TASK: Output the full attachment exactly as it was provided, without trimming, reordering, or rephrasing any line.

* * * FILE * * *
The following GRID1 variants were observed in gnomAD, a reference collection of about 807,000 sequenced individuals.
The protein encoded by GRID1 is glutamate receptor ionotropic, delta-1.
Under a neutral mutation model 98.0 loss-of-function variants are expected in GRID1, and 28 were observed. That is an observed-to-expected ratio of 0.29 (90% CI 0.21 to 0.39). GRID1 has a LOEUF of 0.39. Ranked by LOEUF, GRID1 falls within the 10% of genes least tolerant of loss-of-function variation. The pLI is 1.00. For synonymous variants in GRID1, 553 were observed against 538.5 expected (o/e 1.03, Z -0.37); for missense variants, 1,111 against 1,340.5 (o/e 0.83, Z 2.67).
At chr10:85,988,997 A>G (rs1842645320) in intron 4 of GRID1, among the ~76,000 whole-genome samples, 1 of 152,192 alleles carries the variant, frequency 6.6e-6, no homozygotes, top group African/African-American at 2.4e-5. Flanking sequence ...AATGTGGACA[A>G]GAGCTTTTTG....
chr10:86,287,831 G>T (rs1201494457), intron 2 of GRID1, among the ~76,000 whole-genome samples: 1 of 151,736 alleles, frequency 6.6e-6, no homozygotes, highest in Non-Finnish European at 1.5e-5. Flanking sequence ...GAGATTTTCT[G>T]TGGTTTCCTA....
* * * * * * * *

The following GRID1 variants were observed in gnomAD, a reference collection of about 807,000 sequenced individuals.
The protein encoded by GRID1 is glutamate receptor ionotropic, delta-1.
Under a neutral mutation model 98.0 loss-of-function variants are expected in GRID1, and 28 were observed. That is an observed-to-expected ratio of 0.29 (90% CI 0.21 to 0.39). GRID1 has a LOEUF of 0.39. Ranked by LOEUF, GRID1 falls within the 10% of genes least tolerant of loss-of-function variation. The pLI is 1.00. For synonymous variants in GRID1, 553 were observed against 538.5 expected (o/e 1.03, Z -0.37); for missense variants, 1,111 against 1,340.5 (o/e 0.83, Z 2.67).
At chr10:85,988,997 A>G (rs1842645320) in intron 4 of GRID1, among the ~76,000 whole-genome samples, 1 of 152,192 alleles carries the variant, frequency 6.6e-6, no homozygotes, top group African/African-American at 2.4e-5. Flanking sequence ...AATGTGGACA[A>G]GAGCTTTTTG....
chr10:86,287,831 G>T (rs1201494457), intron 2 of GRID1, among the ~76,000 whole-genome samples: 1 of 151,736 alleles, frequency 6.6e-6, no homozygotes, highest in Non-Finnish European at 1.5e-5. Flanking sequence ...GAGATTTTCT[G>T]TGGTTTCCTA....